Bristol Myers hits CAR-T manufacturing bottleneck as Abecma demand outstrips supply
After watching manufacturing problems play out for the first wave of CAR-T therapies, one might expect a smoother experience for third-to-market Bristol Myers Squibb. But the New York pharma now says it’s also hitting a production snag.
Demand for Bristol Myers’ newly launched multiple myeloma CAR-T drug Abecma is outstripping capacity, company executives said during a conference call Wednesday. Approved by the FDA in late March, Abecma generated $24 million in second-quarter sales.
Abecma is the first BCMA-targeted cell therapy, and “the sole focus that we have there is on steadily increasing manufacturing capacity,” Bristol Myers’ chief commercial officer, Chris Boerner, said on the call.
So far, the company has managed to increase the number of manufacturing slots available to patients to catch up with Abecma demand through August, Boerner said. Like other CAR-T drugs, Abecma is a personalized treatment that engineers each patient’s own T cells to fight cancer, so drugmakers need to reserve manufacturing slots to make each patient’s version.
Another problem causing the supply gap is a shortage of viral vectors, which are used to deliver the cell therapy, Boerner said. Limited viral vector supply has haunted other cell therapies globally, and the situation remains “fairly dynamic,” he noted, adding that he wouldn’t put a specific date to when supply would improve significantly. Ensuring a more stable supply of vectors would be a key strategy for BMS next year and beyond, the exec said.
Gilead Sciences’ Kite Pharma, probably sick of the industry’s constraint in viral vector supply, in 2019 unveiled a plan to bring viral vector manufacturing in-house with a 67,000-square-foot facility at its Oceanside, California, biologics site. The plan was to have the upgraded factory begin commercial manufacturing in the second half of this year.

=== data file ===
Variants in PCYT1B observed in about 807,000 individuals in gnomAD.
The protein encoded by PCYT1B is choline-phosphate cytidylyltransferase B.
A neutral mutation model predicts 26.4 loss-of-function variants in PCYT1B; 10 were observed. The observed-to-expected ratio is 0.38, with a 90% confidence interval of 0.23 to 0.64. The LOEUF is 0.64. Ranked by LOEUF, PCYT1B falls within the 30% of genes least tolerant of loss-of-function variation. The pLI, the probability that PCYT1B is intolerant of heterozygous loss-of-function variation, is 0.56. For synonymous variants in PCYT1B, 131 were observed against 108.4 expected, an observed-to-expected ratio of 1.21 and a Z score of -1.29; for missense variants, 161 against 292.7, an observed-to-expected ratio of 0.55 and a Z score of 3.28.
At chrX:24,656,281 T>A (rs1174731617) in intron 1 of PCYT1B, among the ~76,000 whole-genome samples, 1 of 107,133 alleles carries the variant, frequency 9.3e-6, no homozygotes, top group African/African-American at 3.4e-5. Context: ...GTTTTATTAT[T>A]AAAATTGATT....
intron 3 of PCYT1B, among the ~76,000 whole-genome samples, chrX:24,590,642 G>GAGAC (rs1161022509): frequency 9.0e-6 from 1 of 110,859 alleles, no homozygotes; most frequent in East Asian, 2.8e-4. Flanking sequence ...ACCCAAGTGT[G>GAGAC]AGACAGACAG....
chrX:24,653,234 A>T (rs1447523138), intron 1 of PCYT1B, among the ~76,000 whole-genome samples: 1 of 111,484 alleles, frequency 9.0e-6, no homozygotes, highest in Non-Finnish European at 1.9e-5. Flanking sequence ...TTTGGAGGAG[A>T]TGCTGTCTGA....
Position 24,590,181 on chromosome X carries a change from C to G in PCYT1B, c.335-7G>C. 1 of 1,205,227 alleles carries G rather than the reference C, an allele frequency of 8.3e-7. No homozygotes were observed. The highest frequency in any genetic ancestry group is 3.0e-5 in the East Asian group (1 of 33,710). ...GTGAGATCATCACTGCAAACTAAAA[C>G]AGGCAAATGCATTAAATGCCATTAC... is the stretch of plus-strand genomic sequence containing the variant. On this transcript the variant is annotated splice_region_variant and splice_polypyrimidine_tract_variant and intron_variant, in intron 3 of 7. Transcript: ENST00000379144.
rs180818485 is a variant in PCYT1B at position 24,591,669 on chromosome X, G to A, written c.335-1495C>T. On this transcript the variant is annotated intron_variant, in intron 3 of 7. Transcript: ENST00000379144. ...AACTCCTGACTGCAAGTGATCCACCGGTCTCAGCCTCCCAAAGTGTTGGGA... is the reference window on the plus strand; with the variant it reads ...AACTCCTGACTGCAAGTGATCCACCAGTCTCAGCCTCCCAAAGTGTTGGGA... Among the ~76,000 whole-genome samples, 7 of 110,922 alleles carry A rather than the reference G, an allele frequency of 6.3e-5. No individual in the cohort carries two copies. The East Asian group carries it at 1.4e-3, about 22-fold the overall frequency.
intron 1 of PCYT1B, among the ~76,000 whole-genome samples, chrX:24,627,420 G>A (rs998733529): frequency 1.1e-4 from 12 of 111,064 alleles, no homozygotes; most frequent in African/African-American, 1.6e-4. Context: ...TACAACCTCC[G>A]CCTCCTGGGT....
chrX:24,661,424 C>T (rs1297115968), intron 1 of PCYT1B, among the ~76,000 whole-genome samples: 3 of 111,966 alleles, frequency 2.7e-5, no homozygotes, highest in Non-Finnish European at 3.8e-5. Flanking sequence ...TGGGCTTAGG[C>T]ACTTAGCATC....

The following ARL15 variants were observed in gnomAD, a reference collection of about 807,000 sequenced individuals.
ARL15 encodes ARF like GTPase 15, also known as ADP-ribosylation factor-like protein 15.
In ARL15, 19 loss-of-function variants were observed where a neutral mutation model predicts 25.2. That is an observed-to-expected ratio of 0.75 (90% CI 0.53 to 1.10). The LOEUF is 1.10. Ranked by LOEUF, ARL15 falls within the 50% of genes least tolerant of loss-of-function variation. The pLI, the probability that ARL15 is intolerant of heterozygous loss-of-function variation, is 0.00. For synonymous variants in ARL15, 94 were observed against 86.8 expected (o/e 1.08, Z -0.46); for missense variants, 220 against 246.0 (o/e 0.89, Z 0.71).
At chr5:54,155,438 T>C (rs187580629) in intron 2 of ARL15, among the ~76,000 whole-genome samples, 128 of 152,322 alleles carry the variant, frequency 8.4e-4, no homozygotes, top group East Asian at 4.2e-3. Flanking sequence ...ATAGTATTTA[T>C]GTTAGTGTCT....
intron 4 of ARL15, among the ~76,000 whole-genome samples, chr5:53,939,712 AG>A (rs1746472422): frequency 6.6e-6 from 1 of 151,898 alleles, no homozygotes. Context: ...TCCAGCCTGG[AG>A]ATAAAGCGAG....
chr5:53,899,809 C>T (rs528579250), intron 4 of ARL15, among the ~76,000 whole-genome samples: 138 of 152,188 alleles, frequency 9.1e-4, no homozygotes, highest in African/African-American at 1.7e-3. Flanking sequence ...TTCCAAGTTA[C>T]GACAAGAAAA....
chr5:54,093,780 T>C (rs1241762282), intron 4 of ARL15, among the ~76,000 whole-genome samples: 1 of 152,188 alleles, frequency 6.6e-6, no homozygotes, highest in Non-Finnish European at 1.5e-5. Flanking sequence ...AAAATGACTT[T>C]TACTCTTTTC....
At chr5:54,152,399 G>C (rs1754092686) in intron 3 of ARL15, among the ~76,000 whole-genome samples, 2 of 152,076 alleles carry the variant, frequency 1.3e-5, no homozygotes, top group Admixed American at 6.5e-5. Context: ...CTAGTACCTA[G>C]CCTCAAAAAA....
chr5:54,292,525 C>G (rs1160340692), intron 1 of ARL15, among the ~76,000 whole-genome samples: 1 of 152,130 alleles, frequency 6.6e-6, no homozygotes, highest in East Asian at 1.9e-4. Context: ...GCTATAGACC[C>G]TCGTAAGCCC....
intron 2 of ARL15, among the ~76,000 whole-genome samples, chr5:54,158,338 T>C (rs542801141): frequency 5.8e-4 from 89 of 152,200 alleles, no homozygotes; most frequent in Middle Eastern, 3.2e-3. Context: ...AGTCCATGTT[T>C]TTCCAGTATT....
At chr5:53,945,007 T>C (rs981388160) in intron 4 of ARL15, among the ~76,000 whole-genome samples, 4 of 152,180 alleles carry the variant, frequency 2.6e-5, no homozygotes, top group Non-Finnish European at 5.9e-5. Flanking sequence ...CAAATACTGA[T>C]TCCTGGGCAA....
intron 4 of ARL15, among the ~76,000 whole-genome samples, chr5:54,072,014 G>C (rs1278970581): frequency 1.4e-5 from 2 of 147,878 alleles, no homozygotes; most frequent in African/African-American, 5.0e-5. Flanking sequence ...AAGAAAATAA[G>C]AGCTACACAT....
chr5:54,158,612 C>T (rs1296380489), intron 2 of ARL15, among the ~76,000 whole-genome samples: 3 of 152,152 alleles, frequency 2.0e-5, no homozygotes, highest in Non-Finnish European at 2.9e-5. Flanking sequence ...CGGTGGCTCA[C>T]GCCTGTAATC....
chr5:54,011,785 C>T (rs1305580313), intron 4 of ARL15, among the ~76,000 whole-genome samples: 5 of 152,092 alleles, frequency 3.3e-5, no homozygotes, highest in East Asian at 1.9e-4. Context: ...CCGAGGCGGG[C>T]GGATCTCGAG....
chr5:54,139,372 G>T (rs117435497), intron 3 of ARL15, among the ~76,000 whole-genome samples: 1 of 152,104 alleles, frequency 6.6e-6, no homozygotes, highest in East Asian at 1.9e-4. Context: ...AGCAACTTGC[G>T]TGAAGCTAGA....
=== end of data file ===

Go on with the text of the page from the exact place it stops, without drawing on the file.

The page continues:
Gilead makes the CD19-targeted CAR-T drugs Yescarta and Tecartus. Novartis, for its part, has suffered from manufacturing out-of-spec issues that have hampered the rollout of its CD19 CAR-T therapy, Kymriah.
BMS itself recently launched its own CD19 CAR-T, Breyanzi. The drug hauled in $17 million in second-quarter sales. The company said it has so far activated more than 65 sites to administer the drug.
Beyond the newly-found, bittersweet CAR-T problem, BMS in the second quarter successfully overcame another headache: PD-1 inhibitor Opdivo has returned to growth.
After a 3% sales decline in 2020 and another drop in the first quarter, Opdivo ginned up 16% year-over-year growth in Q2 with sales of $1.91 billion.
New patient claims, while still lagging behind pre-COVID levels, are recovering quarter over quarter, Boerner said. Opdivo, used in tandem with chemotherapy, in April became the first immuno-oncology therapy approved for newly diagnosed metastatic stomach cancer. The new use is driving up Opdivo new patient share among checkpoint inhibitors, he said.
But the company on Wednesday said the same CheckMate-649 trial that supported the FDA nod for Opdivo and chemo in first-line stomach cancer found the dual immunotherapy combination of Opdivo and Yervoy failed to outdo chemo at extending the lives of patients whose tumors express PD-L1 at a combined positive score of at least 5.
All told, BMS recorded second-quarter revenues of $11.7 billion, representing a year-over-year growth of 16%.